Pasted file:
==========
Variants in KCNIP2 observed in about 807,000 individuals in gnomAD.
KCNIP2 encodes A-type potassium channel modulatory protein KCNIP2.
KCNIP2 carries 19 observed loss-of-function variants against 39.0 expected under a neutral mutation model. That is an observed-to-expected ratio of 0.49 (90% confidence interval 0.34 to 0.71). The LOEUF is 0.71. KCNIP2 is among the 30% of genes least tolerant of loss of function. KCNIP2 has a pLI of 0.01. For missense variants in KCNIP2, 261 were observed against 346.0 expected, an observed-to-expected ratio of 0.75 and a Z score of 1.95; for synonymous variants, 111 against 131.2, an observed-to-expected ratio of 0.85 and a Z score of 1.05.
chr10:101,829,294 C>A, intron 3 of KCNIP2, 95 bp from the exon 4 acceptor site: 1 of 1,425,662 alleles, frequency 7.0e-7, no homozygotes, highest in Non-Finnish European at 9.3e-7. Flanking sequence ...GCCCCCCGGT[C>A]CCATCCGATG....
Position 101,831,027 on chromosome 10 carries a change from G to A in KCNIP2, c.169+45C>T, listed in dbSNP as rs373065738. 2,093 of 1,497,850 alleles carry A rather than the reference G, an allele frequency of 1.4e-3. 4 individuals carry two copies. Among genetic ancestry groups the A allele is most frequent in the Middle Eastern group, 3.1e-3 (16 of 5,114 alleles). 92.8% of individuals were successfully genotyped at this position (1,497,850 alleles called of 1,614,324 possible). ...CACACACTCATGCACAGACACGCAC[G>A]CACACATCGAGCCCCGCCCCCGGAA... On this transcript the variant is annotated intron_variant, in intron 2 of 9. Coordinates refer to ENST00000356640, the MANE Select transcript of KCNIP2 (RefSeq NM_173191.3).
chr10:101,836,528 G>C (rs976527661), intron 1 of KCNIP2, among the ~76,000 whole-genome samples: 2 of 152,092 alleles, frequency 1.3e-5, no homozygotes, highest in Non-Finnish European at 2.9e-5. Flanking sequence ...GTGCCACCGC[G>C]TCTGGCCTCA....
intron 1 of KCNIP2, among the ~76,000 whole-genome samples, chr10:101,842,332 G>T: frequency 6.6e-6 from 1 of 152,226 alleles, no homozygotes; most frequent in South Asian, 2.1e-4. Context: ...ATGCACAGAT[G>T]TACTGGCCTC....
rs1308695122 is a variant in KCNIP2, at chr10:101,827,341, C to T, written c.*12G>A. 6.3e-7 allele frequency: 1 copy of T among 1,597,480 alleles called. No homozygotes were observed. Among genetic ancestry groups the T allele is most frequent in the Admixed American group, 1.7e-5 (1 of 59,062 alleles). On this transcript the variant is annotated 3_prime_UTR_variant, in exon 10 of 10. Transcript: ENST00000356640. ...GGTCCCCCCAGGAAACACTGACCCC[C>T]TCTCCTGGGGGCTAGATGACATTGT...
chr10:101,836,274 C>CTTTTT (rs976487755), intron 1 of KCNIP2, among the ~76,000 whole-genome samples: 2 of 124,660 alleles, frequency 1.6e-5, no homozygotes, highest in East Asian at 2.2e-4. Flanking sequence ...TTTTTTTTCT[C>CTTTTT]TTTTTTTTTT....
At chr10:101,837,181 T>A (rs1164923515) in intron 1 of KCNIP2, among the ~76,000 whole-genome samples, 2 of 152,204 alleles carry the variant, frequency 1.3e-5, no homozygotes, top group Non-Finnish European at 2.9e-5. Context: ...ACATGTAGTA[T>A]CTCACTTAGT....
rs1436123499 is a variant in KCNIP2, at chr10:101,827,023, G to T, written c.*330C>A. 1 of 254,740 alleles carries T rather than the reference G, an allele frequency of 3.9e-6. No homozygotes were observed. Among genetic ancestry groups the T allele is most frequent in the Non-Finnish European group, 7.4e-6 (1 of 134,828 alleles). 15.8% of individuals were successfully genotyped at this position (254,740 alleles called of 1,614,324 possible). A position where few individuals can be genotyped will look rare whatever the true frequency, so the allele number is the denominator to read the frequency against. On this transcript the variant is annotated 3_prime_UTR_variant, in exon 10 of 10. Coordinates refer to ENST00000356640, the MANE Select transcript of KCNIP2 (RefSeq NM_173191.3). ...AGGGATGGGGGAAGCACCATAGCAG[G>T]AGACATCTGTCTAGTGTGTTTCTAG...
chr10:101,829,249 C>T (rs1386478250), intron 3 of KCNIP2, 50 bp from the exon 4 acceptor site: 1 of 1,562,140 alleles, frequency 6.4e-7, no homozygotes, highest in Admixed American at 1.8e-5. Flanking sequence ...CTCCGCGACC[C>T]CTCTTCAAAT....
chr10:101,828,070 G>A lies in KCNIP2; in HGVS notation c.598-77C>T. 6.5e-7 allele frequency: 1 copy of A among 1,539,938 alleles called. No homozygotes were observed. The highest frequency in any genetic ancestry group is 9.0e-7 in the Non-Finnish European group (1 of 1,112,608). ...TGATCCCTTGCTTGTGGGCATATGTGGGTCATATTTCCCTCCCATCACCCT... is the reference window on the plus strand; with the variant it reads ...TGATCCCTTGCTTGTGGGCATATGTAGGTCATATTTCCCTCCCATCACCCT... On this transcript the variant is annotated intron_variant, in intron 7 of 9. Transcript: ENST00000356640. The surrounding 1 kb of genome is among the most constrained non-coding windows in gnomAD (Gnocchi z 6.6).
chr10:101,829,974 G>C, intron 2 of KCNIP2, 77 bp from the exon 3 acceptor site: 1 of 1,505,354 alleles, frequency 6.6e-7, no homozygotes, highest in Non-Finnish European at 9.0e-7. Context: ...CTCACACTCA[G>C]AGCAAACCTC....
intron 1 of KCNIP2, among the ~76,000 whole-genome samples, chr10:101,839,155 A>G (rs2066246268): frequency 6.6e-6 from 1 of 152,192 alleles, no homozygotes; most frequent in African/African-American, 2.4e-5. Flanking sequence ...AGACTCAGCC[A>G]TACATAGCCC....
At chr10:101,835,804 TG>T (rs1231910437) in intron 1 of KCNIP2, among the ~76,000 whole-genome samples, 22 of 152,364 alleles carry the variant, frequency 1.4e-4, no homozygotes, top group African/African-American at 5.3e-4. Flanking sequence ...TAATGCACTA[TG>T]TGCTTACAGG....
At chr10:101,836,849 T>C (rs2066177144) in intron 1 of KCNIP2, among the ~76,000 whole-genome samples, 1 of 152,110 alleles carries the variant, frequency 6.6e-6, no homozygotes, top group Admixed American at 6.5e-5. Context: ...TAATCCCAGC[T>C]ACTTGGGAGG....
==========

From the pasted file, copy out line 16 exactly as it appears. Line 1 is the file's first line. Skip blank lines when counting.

At chr10:101,835,804 TG>T (rs1231910437) in intron 1 of KCNIP2, among the ~76,000 whole-genome samples, 22 of 152,364 alleles carry the variant, frequency 1.4e-4, no homozygotes, top group African/African-American at 5.3e-4. Flanking sequence ...TAATGCACTA[TG>T]TGCTTACAGG....